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Stop it with all the talk about Netflix losing subscribers from the oncoming deluge of streaming services. Netflix says you're focusing on the wrong thing.
It's not Disney's new streaming video service or HBO or Amazon that Netflix is worried about, the company said today in its letter to shareholders. Netflix estimates it has already earned about 10 percent of all U.S. television screen time. The company also shared viewership statistics for some of its exclusives, boasting that "Bird Box" netted 80 million viewers in its first four weeks on Netflix, while "You" will get about 40 million over the same period.
Instead, it's newer forms of entertainment — such as Fortnite and Google's YouTube — that got shout-outs in the company's letter as stronger competitors.
"Our focus is not on Disney+, Amazon or others, but on how we can improve our experience for others," Netflix said in its shareholder letter. "We compete with (and lose to) Fortnite more than HBO. When YouTube went down globally for a few minutes in October, our viewing and signups spiked for that time."
CEO Reed Hastings said on the company's earnings interview that he "likes" Disney and is excited for the Disney+ launch. Ultimately, he said, it's about winning time, not content.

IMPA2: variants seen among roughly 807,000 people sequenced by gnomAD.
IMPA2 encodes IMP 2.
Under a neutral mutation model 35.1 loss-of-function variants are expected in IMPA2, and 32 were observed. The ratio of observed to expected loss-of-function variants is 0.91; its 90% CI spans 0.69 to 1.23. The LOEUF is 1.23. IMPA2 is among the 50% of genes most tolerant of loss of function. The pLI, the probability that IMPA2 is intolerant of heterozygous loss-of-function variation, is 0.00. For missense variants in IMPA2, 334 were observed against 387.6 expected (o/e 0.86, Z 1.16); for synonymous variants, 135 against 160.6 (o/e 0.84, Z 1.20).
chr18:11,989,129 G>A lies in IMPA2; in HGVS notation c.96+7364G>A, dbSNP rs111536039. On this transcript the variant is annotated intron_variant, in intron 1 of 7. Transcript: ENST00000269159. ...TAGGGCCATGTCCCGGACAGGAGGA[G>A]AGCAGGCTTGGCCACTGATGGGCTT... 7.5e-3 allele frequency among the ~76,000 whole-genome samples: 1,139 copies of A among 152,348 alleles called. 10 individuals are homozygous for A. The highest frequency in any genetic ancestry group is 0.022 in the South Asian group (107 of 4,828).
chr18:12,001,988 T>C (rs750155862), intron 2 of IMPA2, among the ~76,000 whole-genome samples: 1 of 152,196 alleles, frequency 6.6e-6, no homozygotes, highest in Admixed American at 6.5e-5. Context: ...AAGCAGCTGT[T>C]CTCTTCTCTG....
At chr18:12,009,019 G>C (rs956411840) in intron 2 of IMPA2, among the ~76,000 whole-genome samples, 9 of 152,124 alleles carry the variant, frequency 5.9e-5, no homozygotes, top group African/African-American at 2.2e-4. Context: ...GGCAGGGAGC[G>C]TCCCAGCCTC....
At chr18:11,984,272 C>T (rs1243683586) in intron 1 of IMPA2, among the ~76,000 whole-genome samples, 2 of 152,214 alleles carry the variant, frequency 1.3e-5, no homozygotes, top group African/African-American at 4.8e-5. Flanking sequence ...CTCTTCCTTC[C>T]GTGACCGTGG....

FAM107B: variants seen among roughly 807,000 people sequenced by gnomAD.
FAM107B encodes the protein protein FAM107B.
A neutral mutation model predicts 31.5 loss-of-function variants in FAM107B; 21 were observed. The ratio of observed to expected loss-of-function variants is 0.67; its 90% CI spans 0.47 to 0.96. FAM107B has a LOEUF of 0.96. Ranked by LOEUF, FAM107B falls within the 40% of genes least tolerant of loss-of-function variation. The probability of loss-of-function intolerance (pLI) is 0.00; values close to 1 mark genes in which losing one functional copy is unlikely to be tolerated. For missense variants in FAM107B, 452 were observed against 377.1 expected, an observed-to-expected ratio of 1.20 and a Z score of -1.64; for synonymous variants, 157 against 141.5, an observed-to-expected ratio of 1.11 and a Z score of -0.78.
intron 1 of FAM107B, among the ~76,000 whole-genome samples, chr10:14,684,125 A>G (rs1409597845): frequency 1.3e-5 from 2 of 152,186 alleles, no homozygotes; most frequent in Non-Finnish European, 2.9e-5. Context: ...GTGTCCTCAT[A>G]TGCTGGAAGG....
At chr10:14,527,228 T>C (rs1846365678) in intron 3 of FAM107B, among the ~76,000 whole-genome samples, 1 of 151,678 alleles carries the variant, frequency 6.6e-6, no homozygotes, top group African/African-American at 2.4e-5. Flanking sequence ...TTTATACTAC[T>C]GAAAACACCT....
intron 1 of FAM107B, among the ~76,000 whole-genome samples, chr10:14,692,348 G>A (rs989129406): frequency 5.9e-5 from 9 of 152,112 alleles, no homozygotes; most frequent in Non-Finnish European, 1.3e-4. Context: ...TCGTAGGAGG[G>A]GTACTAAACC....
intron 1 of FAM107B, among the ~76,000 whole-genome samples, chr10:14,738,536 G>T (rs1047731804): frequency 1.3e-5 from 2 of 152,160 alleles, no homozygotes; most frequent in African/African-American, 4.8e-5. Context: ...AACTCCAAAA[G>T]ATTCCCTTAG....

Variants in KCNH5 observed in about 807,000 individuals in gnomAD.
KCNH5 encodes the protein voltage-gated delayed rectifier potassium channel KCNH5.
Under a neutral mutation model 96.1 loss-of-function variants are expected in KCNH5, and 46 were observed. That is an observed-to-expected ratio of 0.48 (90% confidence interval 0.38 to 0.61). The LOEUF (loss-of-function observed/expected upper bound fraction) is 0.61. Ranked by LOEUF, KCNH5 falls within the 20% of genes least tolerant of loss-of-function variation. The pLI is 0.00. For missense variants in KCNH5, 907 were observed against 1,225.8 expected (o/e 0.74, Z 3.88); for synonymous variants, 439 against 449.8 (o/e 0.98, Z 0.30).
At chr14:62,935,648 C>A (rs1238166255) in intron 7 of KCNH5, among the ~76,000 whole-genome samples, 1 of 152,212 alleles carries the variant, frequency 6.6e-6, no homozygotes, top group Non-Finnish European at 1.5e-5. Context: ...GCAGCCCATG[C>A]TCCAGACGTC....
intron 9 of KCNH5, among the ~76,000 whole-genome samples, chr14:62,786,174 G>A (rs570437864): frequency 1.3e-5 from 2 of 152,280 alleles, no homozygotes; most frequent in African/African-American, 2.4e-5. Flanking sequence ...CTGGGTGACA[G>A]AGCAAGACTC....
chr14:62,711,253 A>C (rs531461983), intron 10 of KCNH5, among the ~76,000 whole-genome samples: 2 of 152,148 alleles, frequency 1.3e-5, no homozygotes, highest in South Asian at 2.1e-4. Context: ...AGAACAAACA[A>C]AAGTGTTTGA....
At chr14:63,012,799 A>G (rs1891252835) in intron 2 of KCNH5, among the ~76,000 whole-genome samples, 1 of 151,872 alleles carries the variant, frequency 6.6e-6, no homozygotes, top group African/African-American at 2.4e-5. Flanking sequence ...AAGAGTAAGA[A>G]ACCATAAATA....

"We compete so broadly with all of these providers, that any one provider entering only makes a difference on the margin," Hastings said.
Netflix came up with the 10 percent statistics because it says it serves 100 million hours a day to TV screens in the U.S., where people spend an aggregate 1 billion hours a day watching TV. Ten percent is an astounding number, considering it wasn't long ago that Netflix didn't stream to TVs at all. Netflix had to wait for smart TVs and connected devices such as Apple TV, Roku and Comcast's X1 to bring its programming to TVs across America.
By framing the conversation around YouTube and Fortnite, Netflix is pushing the envelope to include all entertainment devices, including yet-to-be-invented devices that will bring entertainment options. This extension of competition isn't new for Netflix, which has cited sleep as something it fights against.
But it's a shot across the bow to investors and analysts who have been concerned that media companies may eventually yank prized shows such as "The Office" and "Friends" off Netflix. CEO Reed Hastings is saying he's got bigger fish to fry.